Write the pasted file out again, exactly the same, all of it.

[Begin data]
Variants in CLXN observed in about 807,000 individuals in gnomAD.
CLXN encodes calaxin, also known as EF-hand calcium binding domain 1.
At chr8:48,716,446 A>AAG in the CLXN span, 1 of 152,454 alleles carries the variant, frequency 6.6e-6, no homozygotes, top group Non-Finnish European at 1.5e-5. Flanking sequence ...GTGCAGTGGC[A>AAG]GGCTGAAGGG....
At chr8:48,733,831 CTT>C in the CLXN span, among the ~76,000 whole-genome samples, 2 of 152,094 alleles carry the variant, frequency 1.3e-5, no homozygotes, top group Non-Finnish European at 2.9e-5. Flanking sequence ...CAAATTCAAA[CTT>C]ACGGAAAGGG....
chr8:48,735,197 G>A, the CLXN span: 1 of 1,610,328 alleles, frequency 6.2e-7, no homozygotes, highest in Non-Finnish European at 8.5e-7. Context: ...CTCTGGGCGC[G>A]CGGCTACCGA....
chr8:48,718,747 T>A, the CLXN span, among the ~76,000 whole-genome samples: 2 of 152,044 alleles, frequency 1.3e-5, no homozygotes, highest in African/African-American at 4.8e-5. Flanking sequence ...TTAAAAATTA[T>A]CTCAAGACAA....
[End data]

Variants in CLXN observed in about 807,000 individuals in gnomAD.
CLXN encodes calaxin, also known as EF-hand calcium binding domain 1.
At chr8:48,716,446 A>AAG in the CLXN span, 1 of 152,454 alleles carries the variant, frequency 6.6e-6, no homozygotes, top group Non-Finnish European at 1.5e-5. Flanking sequence ...GTGCAGTGGC[A>AAG]GGCTGAAGGG....
At chr8:48,733,831 CTT>C in the CLXN span, among the ~76,000 whole-genome samples, 2 of 152,094 alleles carry the variant, frequency 1.3e-5, no homozygotes, top group Non-Finnish European at 2.9e-5. Flanking sequence ...CAAATTCAAA[CTT>C]ACGGAAAGGG....
chr8:48,735,197 G>A, the CLXN span: 1 of 1,610,328 alleles, frequency 6.2e-7, no homozygotes, highest in Non-Finnish European at 8.5e-7. Context: ...CTCTGGGCGC[G>A]CGGCTACCGA....
chr8:48,718,747 T>A, the CLXN span, among the ~76,000 whole-genome samples: 2 of 152,044 alleles, frequency 1.3e-5, no homozygotes, highest in African/African-American at 4.8e-5. Flanking sequence ...TTAAAAATTA[T>A]CTCAAGACAA....